Showing posts from February, 2012


Baby Gabriel, Sandra, Amber, and Angie planting vegetable starts in February. Here they're planting beets. The weather we've been getting lately here on Mare Island, CA is unpredictable --sometimes it's frosty, once in a while it rains, and sometimes it's very warm. Some of our vegetables don't know what to do. Our broccoli , spinach , and lettuce are bolting, though we've had good results so far with celery and cabbage-- red , green and savoy cabbage . Vegetable starts to plant in February: leeks , onions, beets , turnips, carrots , radishes , sugar snap peas , green beans . Pulling weeds is a chore that never ends. And if you're new to gardening, like Arthur and Bob at left, the hardest part is figuring out which are weeds and which are not. A weed is a plant growing where it is not wanted and having a harmful impact. For us, it's bermuda and crab grass .

February 11, 2012

The last day for the Flyway Festival is today. What's the Flyway Festival you ask? Check them out: Here's Vilma at the Flyway Festival spreading the word about the Vallejo People's Garden. Darren presenting the unusual vegetable during this month's board meeting--daikon. Daikon radishes are spicy relatives of the more familiar red round or French breakfast radishes and can be used in many of the same recipes. Daikons are great grated or sliced thinly in salads or slaws, boiled in teas, steamed, sauteed, or boiled and mashed with your favorite potatoes. They are low in calories and rich in vitamin C. Darren brought two yummy dishes using the following recipes: Glazed Daikon: 2-3 daikons, sliced in rounds 1 1/2 cups unsalted butter 1 1/2 cups maple syrup Salt and pepper to taste Place single layer of daikon slices in bottom of large saute pan. Add butter, maple syrup, salt, pepper, and enough water to cover the daik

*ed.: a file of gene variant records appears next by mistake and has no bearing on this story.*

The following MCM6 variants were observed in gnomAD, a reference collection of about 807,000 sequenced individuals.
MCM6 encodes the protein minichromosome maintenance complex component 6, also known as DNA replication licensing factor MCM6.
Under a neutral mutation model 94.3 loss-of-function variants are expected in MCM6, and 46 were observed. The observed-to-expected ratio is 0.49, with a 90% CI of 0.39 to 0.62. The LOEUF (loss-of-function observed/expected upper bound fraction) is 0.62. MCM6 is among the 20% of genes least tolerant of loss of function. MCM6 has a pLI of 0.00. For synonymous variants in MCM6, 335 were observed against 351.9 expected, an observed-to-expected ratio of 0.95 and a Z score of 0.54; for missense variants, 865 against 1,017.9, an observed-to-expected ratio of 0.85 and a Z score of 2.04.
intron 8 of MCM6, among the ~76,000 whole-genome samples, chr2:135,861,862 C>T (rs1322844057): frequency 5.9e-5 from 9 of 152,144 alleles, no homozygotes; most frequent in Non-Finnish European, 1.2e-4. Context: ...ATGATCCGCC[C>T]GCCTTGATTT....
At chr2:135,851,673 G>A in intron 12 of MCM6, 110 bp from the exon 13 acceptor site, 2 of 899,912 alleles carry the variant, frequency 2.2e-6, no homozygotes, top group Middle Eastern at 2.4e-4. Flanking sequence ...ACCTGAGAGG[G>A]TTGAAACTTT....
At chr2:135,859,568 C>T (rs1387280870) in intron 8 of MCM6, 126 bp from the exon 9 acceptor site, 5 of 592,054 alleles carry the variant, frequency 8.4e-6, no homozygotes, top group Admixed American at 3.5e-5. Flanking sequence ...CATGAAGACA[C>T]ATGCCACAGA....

February 2, 2012

Three-year old Ezra trying out our newly installed water fountain that was donated to us by Nature's Path Organic. We made a gray water system with this water fountain: Excess water not used goes into a five-gallon bucket which then is used to water the California natives volunteers have planted around the garden's perimeter. Mare Island K-8 School taking their snack break at the Vallejo People's Garden.